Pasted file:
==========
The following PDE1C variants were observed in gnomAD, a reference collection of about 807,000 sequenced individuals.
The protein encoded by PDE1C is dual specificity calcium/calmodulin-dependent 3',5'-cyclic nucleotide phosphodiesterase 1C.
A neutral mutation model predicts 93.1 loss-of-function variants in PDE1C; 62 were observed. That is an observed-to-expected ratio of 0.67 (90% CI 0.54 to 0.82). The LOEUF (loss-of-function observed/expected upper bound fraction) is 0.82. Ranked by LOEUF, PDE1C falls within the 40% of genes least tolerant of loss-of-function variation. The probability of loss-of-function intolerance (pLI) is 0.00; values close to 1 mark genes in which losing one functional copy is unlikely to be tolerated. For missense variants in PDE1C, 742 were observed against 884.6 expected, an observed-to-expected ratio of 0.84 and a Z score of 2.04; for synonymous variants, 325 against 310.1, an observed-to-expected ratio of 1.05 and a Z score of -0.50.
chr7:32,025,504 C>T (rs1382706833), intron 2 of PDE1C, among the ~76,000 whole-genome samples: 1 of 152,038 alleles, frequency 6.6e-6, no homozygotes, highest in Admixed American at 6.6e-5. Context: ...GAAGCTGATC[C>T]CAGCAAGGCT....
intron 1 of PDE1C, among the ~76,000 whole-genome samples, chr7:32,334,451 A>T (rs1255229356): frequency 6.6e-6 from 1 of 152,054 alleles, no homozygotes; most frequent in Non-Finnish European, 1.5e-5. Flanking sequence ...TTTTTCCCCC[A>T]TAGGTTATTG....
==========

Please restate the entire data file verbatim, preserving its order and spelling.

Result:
The following PDE1C variants were observed in gnomAD, a reference collection of about 807,000 sequenced individuals.
The protein encoded by PDE1C is dual specificity calcium/calmodulin-dependent 3',5'-cyclic nucleotide phosphodiesterase 1C.
A neutral mutation model predicts 93.1 loss-of-function variants in PDE1C; 62 were observed. That is an observed-to-expected ratio of 0.67 (90% CI 0.54 to 0.82). The LOEUF (loss-of-function observed/expected upper bound fraction) is 0.82. Ranked by LOEUF, PDE1C falls within the 40% of genes least tolerant of loss-of-function variation. The probability of loss-of-function intolerance (pLI) is 0.00; values close to 1 mark genes in which losing one functional copy is unlikely to be tolerated. For missense variants in PDE1C, 742 were observed against 884.6 expected, an observed-to-expected ratio of 0.84 and a Z score of 2.04; for synonymous variants, 325 against 310.1, an observed-to-expected ratio of 1.05 and a Z score of -0.50.
chr7:32,025,504 C>T (rs1382706833), intron 2 of PDE1C, among the ~76,000 whole-genome samples: 1 of 152,038 alleles, frequency 6.6e-6, no homozygotes, highest in Admixed American at 6.6e-5. Context: ...GAAGCTGATC[C>T]CAGCAAGGCT....
intron 1 of PDE1C, among the ~76,000 whole-genome samples, chr7:32,334,451 A>T (rs1255229356): frequency 6.6e-6 from 1 of 152,054 alleles, no homozygotes; most frequent in Non-Finnish European, 1.5e-5. Flanking sequence ...TTTTTCCCCC[A>T]TAGGTTATTG....